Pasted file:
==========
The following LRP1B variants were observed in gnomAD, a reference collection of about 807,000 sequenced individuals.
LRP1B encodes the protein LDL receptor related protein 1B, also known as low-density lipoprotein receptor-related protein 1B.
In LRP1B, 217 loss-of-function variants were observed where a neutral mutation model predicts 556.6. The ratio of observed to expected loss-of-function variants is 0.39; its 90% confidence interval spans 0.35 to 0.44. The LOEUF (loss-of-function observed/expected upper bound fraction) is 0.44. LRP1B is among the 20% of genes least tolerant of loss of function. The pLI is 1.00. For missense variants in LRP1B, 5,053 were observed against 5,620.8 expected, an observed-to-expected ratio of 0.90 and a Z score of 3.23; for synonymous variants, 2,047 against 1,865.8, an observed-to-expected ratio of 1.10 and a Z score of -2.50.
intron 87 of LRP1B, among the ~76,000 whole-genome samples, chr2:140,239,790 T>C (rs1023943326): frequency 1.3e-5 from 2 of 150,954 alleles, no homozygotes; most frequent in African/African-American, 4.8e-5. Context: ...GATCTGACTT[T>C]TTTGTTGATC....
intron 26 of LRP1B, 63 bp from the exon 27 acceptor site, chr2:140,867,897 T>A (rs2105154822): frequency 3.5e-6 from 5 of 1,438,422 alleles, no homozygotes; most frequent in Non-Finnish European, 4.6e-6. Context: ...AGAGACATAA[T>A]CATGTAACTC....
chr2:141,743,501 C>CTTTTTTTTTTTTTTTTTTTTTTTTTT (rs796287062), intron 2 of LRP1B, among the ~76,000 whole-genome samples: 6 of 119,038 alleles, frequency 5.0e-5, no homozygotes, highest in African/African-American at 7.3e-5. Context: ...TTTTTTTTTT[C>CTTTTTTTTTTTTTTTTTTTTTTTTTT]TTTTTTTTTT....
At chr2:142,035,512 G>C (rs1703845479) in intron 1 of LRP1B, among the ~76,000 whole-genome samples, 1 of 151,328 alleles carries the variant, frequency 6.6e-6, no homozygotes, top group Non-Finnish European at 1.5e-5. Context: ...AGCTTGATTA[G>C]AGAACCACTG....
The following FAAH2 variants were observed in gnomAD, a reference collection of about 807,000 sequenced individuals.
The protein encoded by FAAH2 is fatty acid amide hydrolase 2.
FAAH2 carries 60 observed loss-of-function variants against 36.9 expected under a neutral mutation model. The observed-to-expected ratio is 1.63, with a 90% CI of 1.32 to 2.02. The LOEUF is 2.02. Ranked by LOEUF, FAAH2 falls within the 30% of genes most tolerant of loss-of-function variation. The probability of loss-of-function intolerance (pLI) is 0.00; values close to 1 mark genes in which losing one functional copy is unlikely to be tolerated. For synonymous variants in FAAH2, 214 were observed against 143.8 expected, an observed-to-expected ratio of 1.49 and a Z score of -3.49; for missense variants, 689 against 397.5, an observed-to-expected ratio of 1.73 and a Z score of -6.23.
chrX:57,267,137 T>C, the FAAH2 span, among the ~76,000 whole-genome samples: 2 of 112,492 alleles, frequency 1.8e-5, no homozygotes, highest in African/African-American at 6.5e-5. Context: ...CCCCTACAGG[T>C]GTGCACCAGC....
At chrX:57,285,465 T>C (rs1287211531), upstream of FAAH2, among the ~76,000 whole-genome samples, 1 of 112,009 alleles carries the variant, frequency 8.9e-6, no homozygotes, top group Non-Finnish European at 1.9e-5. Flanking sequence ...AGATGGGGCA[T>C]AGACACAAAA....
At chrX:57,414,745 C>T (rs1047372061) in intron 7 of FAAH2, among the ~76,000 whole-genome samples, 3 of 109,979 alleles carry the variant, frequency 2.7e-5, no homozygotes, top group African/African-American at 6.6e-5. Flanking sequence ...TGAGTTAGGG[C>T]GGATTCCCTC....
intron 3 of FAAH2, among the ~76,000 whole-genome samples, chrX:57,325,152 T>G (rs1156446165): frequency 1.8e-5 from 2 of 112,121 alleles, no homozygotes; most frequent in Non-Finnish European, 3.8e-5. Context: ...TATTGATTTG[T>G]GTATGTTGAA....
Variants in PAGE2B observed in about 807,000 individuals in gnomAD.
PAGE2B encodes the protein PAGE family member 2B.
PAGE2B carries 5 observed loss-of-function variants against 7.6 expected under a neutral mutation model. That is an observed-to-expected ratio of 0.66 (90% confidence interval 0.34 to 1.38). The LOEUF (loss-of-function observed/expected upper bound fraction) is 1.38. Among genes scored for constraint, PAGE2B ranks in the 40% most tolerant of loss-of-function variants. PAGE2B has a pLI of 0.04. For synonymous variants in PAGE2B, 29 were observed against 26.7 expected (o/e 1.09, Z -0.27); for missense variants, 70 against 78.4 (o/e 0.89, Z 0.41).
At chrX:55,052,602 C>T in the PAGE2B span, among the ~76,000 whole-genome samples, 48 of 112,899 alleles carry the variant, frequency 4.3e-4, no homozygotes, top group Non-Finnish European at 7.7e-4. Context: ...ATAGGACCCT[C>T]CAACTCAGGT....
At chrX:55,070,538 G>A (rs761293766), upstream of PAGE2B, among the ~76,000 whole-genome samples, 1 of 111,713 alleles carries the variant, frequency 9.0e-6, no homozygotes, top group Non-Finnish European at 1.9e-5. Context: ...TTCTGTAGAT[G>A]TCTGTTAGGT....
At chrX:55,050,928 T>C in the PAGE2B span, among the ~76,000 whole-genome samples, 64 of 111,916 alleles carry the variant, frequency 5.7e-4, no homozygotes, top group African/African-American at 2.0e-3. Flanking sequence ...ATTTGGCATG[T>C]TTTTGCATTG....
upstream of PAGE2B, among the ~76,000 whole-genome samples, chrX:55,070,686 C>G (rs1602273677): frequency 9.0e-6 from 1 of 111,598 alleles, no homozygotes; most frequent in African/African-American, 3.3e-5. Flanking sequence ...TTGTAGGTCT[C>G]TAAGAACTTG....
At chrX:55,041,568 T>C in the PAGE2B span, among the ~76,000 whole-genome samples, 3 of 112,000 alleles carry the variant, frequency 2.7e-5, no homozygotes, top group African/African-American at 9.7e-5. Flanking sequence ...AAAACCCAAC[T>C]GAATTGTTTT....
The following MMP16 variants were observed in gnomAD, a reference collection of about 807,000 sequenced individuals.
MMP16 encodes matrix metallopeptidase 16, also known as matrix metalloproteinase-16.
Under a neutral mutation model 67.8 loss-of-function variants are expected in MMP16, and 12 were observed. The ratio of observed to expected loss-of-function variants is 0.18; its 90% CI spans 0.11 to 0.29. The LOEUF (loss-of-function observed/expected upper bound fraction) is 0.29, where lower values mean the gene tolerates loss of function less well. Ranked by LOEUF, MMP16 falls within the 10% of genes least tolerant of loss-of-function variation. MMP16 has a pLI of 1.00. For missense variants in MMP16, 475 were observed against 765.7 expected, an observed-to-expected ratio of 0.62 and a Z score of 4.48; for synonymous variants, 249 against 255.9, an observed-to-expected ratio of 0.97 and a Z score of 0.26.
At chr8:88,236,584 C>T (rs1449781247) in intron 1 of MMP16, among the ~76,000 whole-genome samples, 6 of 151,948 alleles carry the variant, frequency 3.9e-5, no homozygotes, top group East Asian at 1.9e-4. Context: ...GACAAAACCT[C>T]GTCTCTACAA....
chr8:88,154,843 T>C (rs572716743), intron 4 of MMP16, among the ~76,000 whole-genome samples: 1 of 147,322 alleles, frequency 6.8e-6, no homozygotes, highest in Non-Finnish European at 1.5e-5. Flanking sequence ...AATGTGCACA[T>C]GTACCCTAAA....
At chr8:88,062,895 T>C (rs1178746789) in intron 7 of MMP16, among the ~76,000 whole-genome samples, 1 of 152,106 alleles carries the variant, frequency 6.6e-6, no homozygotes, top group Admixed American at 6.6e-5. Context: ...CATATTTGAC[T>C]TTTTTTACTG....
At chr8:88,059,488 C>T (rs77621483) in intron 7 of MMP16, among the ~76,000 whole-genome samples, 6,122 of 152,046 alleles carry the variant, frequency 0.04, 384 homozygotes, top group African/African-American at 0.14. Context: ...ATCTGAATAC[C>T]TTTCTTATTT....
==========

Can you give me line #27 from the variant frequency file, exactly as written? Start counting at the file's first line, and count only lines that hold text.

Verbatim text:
chr8:88,154,843 T>C (rs572716743), intron 4 of MMP16, among the ~76,000 whole-genome samples: 1 of 147,322 alleles, frequency 6.8e-6, no homozygotes, highest in Non-Finnish European at 1.5e-5. Flanking sequence ...AATGTGCACA[T>C]GTACCCTAAA....